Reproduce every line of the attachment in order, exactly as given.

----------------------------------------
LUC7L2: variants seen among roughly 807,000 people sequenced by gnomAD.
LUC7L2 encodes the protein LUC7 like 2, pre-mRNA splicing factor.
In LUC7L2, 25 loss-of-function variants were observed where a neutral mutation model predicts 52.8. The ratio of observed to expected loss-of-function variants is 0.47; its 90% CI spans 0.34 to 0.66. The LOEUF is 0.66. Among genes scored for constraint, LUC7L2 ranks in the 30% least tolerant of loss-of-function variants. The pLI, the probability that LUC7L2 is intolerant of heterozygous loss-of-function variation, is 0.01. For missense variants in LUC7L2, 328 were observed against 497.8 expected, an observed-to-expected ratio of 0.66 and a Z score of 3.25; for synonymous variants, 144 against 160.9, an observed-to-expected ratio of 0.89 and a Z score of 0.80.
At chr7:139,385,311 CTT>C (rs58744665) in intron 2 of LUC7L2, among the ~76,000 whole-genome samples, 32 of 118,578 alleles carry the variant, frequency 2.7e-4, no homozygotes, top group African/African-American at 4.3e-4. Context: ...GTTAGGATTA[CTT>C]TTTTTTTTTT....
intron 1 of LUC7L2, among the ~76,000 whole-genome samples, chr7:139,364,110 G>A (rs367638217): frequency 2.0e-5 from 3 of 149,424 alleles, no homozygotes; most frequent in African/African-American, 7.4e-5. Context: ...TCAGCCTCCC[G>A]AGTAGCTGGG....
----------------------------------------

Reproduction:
LUC7L2: variants seen among roughly 807,000 people sequenced by gnomAD.
LUC7L2 encodes the protein LUC7 like 2, pre-mRNA splicing factor.
In LUC7L2, 25 loss-of-function variants were observed where a neutral mutation model predicts 52.8. The ratio of observed to expected loss-of-function variants is 0.47; its 90% CI spans 0.34 to 0.66. The LOEUF is 0.66. Among genes scored for constraint, LUC7L2 ranks in the 30% least tolerant of loss-of-function variants. The pLI, the probability that LUC7L2 is intolerant of heterozygous loss-of-function variation, is 0.01. For missense variants in LUC7L2, 328 were observed against 497.8 expected, an observed-to-expected ratio of 0.66 and a Z score of 3.25; for synonymous variants, 144 against 160.9, an observed-to-expected ratio of 0.89 and a Z score of 0.80.
At chr7:139,385,311 CTT>C (rs58744665) in intron 2 of LUC7L2, among the ~76,000 whole-genome samples, 32 of 118,578 alleles carry the variant, frequency 2.7e-4, no homozygotes, top group African/African-American at 4.3e-4. Context: ...GTTAGGATTA[CTT>C]TTTTTTTTTT....
intron 1 of LUC7L2, among the ~76,000 whole-genome samples, chr7:139,364,110 G>A (rs367638217): frequency 2.0e-5 from 3 of 149,424 alleles, no homozygotes; most frequent in African/African-American, 7.4e-5. Context: ...TCAGCCTCCC[G>A]AGTAGCTGGG....